According to the Court, when the parties (pursuant to the Regulation) assign to a foreign judge the exclusive jurisdiction on disputes arising from a specific legal relationship, the agreement prevails not only on the general criterion of jurisdiction, but also on the special ones.

The decision of the Court of Cassation is consistent with the literal interpretation of the Regulation. Indeed, if on the one hand the Regulation makes the parties free to agree on the court having jurisdiction over their dispute, on the other hand the parties are not given the same right with respect to matters falling in the exclusive jurisdiction provisions. The statement of the Court of Cassation is quite important because it implies that – outside those cases in which the exclusive jurisdiction is set by the same Regulation – the parties are free to waive both the general and special criteria to assess the jurisdiction.

Such statement is even more remarkable because the same Court of Cassation, by a judgment (no 22433/2018) handed down a few weeks later, took a step further. In its judgment, the Supreme Court recognised that, at the outset of the proceedings, the defendant domiciled in Italy may refer the matter to the Court of Cassation in order to exclude the jurisdiction of the Italian Courts. In other words, the Court of Cassation extends the range of instruments the parties are granted to assert the existence of an agreement upon jurisdiction. It changed its previous opinion, whereby it had previously considered requests for a preventive regulation to exclude the Italian jurisdiction proposed by the defendant domiciled in Italy to be inadmissible.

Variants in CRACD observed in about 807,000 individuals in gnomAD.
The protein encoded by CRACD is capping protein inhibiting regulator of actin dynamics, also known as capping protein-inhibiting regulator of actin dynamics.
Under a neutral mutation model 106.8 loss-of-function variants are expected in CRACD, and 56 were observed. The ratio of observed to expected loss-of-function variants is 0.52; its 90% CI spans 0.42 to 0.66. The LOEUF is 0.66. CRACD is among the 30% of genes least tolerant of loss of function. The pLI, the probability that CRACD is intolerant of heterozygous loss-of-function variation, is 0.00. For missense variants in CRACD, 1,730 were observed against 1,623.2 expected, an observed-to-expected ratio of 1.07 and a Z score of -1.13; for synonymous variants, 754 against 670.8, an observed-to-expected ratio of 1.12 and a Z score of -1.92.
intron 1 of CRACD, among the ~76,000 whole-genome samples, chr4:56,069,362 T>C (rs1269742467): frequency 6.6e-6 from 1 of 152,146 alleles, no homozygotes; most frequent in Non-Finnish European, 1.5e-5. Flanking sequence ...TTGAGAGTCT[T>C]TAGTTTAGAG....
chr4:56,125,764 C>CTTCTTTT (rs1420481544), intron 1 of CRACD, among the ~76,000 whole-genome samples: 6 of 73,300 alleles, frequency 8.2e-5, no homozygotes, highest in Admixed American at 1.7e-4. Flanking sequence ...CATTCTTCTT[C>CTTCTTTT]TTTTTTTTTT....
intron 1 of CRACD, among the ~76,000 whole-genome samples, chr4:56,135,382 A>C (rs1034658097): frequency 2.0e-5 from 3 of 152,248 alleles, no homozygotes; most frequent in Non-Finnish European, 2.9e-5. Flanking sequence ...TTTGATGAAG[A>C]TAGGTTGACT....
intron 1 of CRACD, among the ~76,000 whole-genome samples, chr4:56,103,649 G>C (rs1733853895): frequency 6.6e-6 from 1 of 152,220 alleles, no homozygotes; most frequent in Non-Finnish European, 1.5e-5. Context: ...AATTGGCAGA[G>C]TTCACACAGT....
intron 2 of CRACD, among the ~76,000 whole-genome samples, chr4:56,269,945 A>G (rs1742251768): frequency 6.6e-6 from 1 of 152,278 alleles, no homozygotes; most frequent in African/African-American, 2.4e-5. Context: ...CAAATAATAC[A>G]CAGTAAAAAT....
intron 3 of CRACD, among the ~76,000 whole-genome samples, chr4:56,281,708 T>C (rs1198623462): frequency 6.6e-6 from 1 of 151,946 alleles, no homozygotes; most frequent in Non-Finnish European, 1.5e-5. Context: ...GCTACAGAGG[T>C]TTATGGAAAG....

As the Court observes, the previous restrictive, absolute and binding interpretation would be inconsistent and wrongly penalising for those who, in their contractual activity, chose a form of judgment other than the ordinary state jurisdiction (ie, an arbitration). Indeed, in the case considered by the Court of Cassation, the claimant had been sued before an Italian court, although it had agreed with the defendant that any dispute arising from their contract should have been referred to foreign arbitration. Accordingly, the Court of Cassation stated that the parties have recourse to the preventive regulation of jurisdiction even in relation to a foreign arbitration clause.

The Court of Cassation specified that the claimant/defendant, either citizen or foreign and domiciled in Italy, must attach and demonstrate a specific interest in excluding the domestic jurisdiction in force of a different and exclusive criterion of jurisdiction.

Conclusion

The Italian legal system provides wide autonomy to parties in the choice of jurisdiction and can waive the jurisdiction of the Italian courts in favour of a foreign judge or an arbitrator. The Court of Cassation grants the defendant sued before a domestic court the right to challenge the clause, claiming that a foreign court is to have jurisdiction. In particular, the defendant sued before the Italian court can submit the matter of the jurisdiction to the Court of Cassation, even before a judgment on the merits of the case is handed down.

 

This article was first published in the IBA Litigation Committee newsletter in May 2019, and is reproduced by kind permission of the International Bar Association, London, UK. © International Bar Association.

IBA Litigation Newsletter - May the parties derogate both general and special jurisdiction in Italy?